EPT9 Berlin final table: Cheer first, ask questions later - life on the divided rail
While the players at the final table may all look the same, there's a very clear difference among the audience, where I secured one of only a few empty seats.
First of all it's worth pointing out that there is actually an audience, despite our concerns that the anonymous nature of the players would put people off. But then, even anonymous players have family and friends, who perhaps have never watched live poker before, because they certainly won't see anything from where they're sitting.
"What just happened?"
Both blocks of railbirds on each side of the aisle look forward intently, staring at the screen like one of those magic eye pictures. If they stare long enough it will suddenly all make perfect sense. But the contrast between left and right is striking.
On the right hand side, looking towards the stage, the young bucks of the poker community, full of invincible optimism, giggle, gawp and guffaw. They're railing one of the German players, and look part of the breed, wearing t-shirts, tight trousers and pumps, like the models in a J Crew catalogue, their hair coiffured into giant hairdos, everything neatly ironed by mum.
One side of the aisle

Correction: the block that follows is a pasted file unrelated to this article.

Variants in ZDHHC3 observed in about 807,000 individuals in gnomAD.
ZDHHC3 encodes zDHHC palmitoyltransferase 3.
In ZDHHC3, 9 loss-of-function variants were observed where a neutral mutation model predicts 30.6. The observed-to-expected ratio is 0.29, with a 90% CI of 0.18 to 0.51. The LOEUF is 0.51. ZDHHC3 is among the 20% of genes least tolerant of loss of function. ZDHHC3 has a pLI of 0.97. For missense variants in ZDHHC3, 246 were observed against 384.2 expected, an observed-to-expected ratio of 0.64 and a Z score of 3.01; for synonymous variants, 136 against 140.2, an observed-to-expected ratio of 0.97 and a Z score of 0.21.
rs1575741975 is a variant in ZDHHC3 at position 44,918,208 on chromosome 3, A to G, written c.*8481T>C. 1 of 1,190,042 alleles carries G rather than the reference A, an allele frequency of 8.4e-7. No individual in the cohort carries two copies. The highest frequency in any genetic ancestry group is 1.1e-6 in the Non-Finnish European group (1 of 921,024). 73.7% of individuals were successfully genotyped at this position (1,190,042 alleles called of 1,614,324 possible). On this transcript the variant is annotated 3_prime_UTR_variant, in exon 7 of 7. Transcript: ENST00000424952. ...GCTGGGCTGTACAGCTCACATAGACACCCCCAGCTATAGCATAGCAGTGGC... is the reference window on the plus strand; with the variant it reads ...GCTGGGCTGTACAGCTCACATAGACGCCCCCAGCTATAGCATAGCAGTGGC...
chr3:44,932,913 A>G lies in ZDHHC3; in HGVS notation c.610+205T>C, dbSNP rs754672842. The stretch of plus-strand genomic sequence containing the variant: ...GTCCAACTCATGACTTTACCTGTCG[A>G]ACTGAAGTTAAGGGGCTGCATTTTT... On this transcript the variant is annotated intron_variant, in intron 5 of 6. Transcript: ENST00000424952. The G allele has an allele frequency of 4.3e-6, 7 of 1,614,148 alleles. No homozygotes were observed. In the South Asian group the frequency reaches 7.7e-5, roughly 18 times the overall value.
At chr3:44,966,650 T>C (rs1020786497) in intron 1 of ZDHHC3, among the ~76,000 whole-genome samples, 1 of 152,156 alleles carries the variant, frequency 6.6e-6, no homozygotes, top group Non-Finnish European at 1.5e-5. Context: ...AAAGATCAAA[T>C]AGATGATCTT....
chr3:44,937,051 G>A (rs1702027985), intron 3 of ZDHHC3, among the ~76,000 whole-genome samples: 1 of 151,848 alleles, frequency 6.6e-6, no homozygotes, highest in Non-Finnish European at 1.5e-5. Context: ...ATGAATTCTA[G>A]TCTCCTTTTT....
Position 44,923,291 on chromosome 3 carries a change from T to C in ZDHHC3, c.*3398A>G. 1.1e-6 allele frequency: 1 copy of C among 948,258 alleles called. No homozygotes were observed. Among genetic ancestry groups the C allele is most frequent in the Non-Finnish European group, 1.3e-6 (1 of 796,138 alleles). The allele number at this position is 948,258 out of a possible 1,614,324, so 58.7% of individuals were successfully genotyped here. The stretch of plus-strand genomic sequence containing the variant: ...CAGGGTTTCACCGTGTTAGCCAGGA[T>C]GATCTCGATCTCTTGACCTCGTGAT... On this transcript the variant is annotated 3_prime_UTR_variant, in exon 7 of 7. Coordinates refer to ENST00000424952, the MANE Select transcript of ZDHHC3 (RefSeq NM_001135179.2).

When an all-in is heard, of which there are worryingly few, everyone gets up and rushes towards the screen. From the back, all you can see of the all-in triangle is a small dot. The words "EPT Berlin" stenciled onto the table look like the bottom line of an eye test. So they rush forward, squinting, cheering first and asking questions later. Whoever is their man he survives, to great cheers. Then they all return to their seats to chat among themselves, occasionally scratching their balls.
On the other side of the aisle the picture couldn't be more different. The hair on that side is shorter, on those who still have hair, and they're more older and restrained, pained even, many standing rather than sitting. They also can't see anything but rather than talk among themselves they choose to look forward anyway, out of politeness and order. It may be that they're entirely in the wrong place, mistaking the tournament room for a doctor's waiting room, but to a man they're too embarrassed to leave.
The crowd look on
When the all-in comes they sit as the audience from the other side surges forward. There's something obscene about this in the eyes of these folk, an indignity that they will not lower themselves to. Either that or they've no idea what's going on. Either that or they do know and realise this could take some time. What a depressing thought. I moved my chair to their side.
Stephen Bartley is a PokerStars Blog reporter.